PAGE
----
- Hedging stock declines provides flexibilty to buy, Loeb says
- Money manager sees opportunity in energy on the credit side
Hedge fund manager Dan Loeb said the economy is stronger than some investors realize and that the recent market rout gave him a chance to add to his stock bets.
“We see a lot of people that are on alert, but there haven’t really been any signs of recession from either the economic data, the surveys or our individual conversations with companies,” Loeb said Friday in a conference call held by Third Point Reinsurance Ltd. “We’ve actually increased our net exposure over the course of the month as some of these selloffs have created silly prices for securities.”
Loeb is seeking to assure investors that he is poised for a rebound after a net loss last year at Third Point Re, the Bermuda-based reinsurer that counts on him to manage the portfolio. He said that his investment firm has a 20-year record of handling volatile markets and that his strategy for such periods includes hedging against market declines. The fund has increased single-name equity shorts by four-fold over the past year, according to a letter to investors this month.
Lower Blood Pressure
“The value of reducing volatility, aside from lowering the blood pressure of our team and our investors, is it really gives you the opportunity” to make long-term bets on underpriced securities, he said. Investors who are hedged against declines can “go in and make opportunistic acquisitions and purchases, which is exactly what we’ve been doing.”
Loeb, who’s known for pushing for corporate shakeups, said he’s turned his focus away from seeking targets for activist campaigns. Companies have been improving operations and creating capital structures that are favorable to shareholders, he said.
“Boards are holding the management teams more accountable, they’re getting a lot of pitches from bankers,” he said. “We’re really focusing on securities that are undervalued, where we can make investments and be constructive and not have to take any confrontational role with management teams.”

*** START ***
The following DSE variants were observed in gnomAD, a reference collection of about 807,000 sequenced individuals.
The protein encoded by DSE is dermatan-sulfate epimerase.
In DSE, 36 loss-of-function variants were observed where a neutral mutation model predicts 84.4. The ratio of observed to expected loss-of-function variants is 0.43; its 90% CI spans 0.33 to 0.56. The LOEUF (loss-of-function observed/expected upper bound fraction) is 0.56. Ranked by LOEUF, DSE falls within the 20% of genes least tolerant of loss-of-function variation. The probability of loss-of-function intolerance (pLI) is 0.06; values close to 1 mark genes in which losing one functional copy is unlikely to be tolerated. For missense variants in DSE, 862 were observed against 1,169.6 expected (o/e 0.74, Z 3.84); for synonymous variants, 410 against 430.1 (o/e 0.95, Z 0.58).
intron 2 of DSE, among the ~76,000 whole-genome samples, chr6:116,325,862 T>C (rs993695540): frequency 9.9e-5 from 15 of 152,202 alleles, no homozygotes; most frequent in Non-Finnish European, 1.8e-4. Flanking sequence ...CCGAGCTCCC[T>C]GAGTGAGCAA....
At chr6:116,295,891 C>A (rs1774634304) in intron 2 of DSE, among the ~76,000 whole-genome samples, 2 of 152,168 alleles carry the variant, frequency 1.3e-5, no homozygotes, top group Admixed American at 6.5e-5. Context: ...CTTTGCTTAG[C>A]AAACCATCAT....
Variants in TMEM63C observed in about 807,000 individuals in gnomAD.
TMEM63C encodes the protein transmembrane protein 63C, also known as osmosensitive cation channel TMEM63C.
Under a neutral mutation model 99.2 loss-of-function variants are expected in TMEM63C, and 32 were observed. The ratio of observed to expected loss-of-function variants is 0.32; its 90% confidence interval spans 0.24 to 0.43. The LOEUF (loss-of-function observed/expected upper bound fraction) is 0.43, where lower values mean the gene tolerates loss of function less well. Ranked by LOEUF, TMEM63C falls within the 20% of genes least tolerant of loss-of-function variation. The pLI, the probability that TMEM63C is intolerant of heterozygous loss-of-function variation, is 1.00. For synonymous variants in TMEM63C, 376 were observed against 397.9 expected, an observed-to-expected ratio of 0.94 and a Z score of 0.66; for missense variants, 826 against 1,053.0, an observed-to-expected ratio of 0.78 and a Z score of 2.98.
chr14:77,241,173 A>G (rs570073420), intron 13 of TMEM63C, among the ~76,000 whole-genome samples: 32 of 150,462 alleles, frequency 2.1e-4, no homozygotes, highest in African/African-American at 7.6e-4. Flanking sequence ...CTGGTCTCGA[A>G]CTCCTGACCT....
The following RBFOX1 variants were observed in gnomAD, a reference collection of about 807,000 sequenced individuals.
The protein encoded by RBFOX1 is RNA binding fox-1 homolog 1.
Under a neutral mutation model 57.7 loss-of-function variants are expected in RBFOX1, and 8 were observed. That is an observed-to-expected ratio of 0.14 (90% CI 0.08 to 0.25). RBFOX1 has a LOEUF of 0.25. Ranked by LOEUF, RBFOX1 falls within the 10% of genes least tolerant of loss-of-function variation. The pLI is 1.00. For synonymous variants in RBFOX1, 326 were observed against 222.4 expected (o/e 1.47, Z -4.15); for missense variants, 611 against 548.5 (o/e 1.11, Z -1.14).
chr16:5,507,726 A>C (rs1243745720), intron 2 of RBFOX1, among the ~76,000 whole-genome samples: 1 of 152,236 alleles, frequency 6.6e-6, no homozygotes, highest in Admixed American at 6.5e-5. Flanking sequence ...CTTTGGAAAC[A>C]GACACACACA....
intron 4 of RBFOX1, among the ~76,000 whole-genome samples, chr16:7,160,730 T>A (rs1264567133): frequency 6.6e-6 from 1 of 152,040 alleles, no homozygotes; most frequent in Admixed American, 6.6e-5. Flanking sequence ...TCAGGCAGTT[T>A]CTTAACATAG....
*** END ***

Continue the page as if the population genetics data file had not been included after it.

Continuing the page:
The Standard & Poor’s 500 Index dropped 11 percent this year through Feb. 11 amid concerns about declining oil prices and slowing growth in China. It has subsequently pared losses.
Loeb said he remains confident in health-care, industrial and consumer stocks and highlighted a recent investment in insurer Chubb Ltd. The money manager expects over-leveraged companies in cyclical sectors to face “some peril,” though investors may be able to profit from energy if they pick their holdings carefully, he said.
“We’re watching the energy markets very, very closely. We think that the better opportunities are on the credit side than on equities, as far as discounting potential bad news ahead,” he said. Energy stocks face the risks of high debt levels and “now the threat of equity offerings to shore up the balance sheets.”
Loeb’s corporate credit book lost 3.8 percent in the fourth quarter, hurt by energy-related holdings. He said Third Point may add to corporate bond positions this year as he looks to diversify the fixed-income portfolio beyond residential mortgage holdings. His largest sovereign position, in Argentine government debt, helped returns, he said.
Third Point Re is among reinsurers that were created over the past decade with the idea that they could collect premium revenue for hedge fund managers to invest. However, new companies have struggled to find profitable insurance contracts, and Third Point Re said Thursday that it had a fourth-quarter underwriting loss. The reinsurer dropped about 1.7 percent to $11.23 at 4:15 p.m. in New York, extending its decline for the year to 16 percent.